Friday, July 9, 2010
Increased IGAD Troops will not Stabilize Somalia
In a hastily convened meeting in Ethiopia’s capital Addis Ababa last week, Somalia’s president called for the immediate deployment of extra troops from IGAD member states to confront the threat of al-Shabab that has been battling Somalia’s fragile government. Attending the meeting were leaders from IGAD member-states. They included Sheikh Sharif Sheikh Ahmed of Somalia, Prime Minister Meles Zenawi of Ethiopia, Yoweri Museveni of Uganda, and Kenya’s Mwai Kibaki. After lengthy hours of deliberation, IGAD member-states agreed to the deployment of 2,000 extra troops to be drawn from states neighboring Somalia so as to boost the 4,500 overstretched and exhausted AMISOM troops from Uganda and Burundi who remain besieged on all sides by opposition armed groups who are battling Sheikh Sharif’s otiose government in Mogadishu.
Formerly the Intergovernmental Authority on Drought and Development (IGADD), IGAD, which stands for the Intergovernmental Authority on Development was founded in 1984 and incoprporates the Horn of Africa nations of Ethiopia, Djibouti, Somalia, Kenya, Sudan, and Uganda. IGAD works in concert with international organizations, has a secretariat headquartered in Addis Ababa, and routinely convenes consultative meetings to discuss issues affecting member-states. Almost every IGAD member-state is confounded by insecurity. Ethiopia, a country synonymous with starvation also remains unstable because of the several armed liberation movements that are fighting for separation. Ethiopia's hotly contested 2005 presidential and parliamentary election became a subject of international condemnation after the ruling party indiscriminately jailed or killed many members of the opposition. Ethiopia has gone to war with neighboring Eritrea twice over a stretch of dusty land where an estimated one million people perished. Djibouti, a tiny former French colony bordering Ethiopia, Eritrea, and Somalia has been emroiled in a bitter war with FURD-a rebel faction dominated by the Afar tribe who feel marginalized by the ruling Issa clan of president Ismail Gelle.
Somalia has been described as a "failed-state" for it has been without a central government since 1991 when the last military government fell to a ragtag milia commanded by the notorious General Mohamed Farah Aidid. Uganda has been in the midst of armed struggle with Joseph Kony-a rebel commander who is thought to be hiding in the tropical forests of the Democratic Republuc of Congo (DRC). On the other hand, Uganda has its own restive Karamoja region populated by the wretched Karamojong tribe. Sudan has been a victim of military coups for decades; the north of the country is occupied by Arabs and the south by black Africans. The SPLA, a rebel movement that operated in the south of the country has now laid down arms after the guarantee of some form of autonomy. Currently, it enjoys relative peace Salva Kiir as Vice President of Sudan as well as president of autonomous southern Sudan. A referendum is expected to be held soon to determine the fate of the southerners. On the western corner of Sudan is the restive Darfur region whose inhabitants have been subjected to years of torture by the dreaded Arab Janjaweed militia. Kenya can explode anytime because of the hatred that exist between the president's Kikuyu clan and the Prime Minister's Luo. A disputed presidential election in 2008 left over a thousand dead and hundreds of thousands displaced.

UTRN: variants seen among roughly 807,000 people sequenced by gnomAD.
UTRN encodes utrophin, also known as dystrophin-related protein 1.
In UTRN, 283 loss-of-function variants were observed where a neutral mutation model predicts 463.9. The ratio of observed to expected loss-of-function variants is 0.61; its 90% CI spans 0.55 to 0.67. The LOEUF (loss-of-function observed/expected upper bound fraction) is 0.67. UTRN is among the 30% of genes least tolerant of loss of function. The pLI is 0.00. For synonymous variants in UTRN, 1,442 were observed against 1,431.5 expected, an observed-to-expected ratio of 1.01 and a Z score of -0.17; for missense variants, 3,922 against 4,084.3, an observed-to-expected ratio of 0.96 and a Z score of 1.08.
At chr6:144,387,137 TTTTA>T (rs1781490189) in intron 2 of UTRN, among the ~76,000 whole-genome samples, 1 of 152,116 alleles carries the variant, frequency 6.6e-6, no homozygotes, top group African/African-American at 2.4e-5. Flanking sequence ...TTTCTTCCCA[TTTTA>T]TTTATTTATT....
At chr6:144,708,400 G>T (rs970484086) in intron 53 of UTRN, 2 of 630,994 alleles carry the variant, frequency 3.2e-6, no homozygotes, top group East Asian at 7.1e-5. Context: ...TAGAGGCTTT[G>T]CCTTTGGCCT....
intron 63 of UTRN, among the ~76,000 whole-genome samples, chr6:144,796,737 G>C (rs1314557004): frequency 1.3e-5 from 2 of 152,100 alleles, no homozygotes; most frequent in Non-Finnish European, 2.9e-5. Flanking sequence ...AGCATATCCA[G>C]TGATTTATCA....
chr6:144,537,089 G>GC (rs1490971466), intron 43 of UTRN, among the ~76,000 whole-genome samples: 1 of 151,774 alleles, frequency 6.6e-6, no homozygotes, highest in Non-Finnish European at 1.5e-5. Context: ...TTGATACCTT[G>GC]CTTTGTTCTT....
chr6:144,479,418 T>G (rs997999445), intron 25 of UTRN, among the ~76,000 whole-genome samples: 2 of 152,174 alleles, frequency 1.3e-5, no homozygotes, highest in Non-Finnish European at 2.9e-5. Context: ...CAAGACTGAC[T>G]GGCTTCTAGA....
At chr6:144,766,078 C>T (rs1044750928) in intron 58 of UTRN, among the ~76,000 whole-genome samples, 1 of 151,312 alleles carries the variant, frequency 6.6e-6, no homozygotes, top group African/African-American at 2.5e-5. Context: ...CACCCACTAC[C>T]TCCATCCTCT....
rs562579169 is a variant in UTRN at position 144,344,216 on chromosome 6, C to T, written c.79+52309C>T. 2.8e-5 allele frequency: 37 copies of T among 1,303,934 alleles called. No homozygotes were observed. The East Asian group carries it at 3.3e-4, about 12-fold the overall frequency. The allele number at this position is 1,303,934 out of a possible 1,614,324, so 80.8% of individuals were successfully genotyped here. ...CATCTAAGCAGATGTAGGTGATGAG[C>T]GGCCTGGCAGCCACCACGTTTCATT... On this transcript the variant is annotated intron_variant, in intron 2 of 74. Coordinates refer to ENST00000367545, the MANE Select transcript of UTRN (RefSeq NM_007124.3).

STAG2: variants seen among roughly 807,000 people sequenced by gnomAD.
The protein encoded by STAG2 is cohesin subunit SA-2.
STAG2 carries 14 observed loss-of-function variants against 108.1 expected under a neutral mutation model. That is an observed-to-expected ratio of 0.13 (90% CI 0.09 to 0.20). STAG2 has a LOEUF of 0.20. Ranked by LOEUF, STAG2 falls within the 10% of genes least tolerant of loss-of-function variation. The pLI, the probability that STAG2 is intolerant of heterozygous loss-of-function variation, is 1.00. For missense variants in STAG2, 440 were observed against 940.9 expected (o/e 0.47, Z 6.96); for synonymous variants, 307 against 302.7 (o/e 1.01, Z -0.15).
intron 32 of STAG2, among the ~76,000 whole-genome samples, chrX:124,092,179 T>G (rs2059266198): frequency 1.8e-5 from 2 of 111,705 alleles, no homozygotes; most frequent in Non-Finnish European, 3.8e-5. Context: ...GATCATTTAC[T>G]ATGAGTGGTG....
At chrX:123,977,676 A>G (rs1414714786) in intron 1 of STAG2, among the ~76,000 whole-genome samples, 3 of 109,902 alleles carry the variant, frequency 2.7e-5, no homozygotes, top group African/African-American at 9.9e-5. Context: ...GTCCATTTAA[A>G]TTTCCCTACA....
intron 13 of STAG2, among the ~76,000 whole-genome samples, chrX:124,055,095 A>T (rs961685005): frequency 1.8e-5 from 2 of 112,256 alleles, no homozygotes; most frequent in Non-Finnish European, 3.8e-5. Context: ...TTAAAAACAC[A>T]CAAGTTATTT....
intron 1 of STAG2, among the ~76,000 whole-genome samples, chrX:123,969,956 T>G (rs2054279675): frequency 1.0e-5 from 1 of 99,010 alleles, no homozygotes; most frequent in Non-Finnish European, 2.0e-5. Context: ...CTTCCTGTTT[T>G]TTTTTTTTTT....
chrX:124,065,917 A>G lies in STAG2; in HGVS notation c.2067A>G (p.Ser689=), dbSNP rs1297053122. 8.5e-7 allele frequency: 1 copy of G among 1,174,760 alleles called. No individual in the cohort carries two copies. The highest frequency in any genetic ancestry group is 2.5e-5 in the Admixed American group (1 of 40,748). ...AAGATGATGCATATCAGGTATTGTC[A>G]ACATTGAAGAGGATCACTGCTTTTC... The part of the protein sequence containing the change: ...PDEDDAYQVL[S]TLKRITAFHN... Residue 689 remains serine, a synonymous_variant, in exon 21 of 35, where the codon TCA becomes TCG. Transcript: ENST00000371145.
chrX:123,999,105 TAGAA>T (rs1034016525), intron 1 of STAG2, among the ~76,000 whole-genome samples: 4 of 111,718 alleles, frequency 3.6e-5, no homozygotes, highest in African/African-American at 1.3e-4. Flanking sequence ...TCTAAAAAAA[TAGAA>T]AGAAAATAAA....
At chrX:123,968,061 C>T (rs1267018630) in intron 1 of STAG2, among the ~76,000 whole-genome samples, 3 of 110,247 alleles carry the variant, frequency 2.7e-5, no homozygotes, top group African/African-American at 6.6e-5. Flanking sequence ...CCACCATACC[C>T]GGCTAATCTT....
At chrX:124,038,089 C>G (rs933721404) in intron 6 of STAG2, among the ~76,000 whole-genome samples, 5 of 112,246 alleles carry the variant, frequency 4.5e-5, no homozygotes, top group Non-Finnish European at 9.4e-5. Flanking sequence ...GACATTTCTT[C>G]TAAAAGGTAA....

Upon IGAD releasing a hastily-crafted communiqué about its decision to send more troops to Somalia, demonstrators in several towns inside Somalia took to the streets to protest at what they termed as “IGAD’s bad intentions”. In separate strongly-worded messages aimed at dissuading IGAD member states from interfering in Somali internal affairs, the spiritual leaders of Al-Shabab and Hizb-al-Islam-the two major factions leading the onslaught against the fragile Somali government-decried IGAD’s ill-intentions toward Somalia. A former interim president of Somalia, Abdiqasin Salad Hassan, speaking to a local radio station in Mogadishu, voiced his objection at IGAD’s troop increase. Likewise, some members of Somalia’s parliament voiced similar sentiments.
Meanwhile, the Somali general leading the fight against the Islamists has come-up with a fighting strategy that will limit the degree of harm inflicted on innocent civilians. He was quoted saying that in the future forces under his command will be required to confront the opposition in their hideouts and away from civilian populations. For many war strategists, how to implement the general’s new approach to war may seem impervious to reasoning. What the Somali general fails to grasp is that even distinctive surveillance and special reconnaissance applied by advanced armies in Afghanistan, Iraq, Bosnia, and Kosovo have failed to preserve civilian lives.
As a regional bloc IGAD has preposterously failed in its Somalia operations. For the moment, the best it can do is to open direct negotiations with the opposition-a proposition that will obviously end in disarray-because the ultimate goal of the Islamists is to impose Islamic sharia in Somalia. For Sheikh Sharif, because all your good intentions of establishing an all-inclusive government have been out-rightly rejected by the opposition, the best option you can do is relinquish power so as to allow fresh blood take over the helm.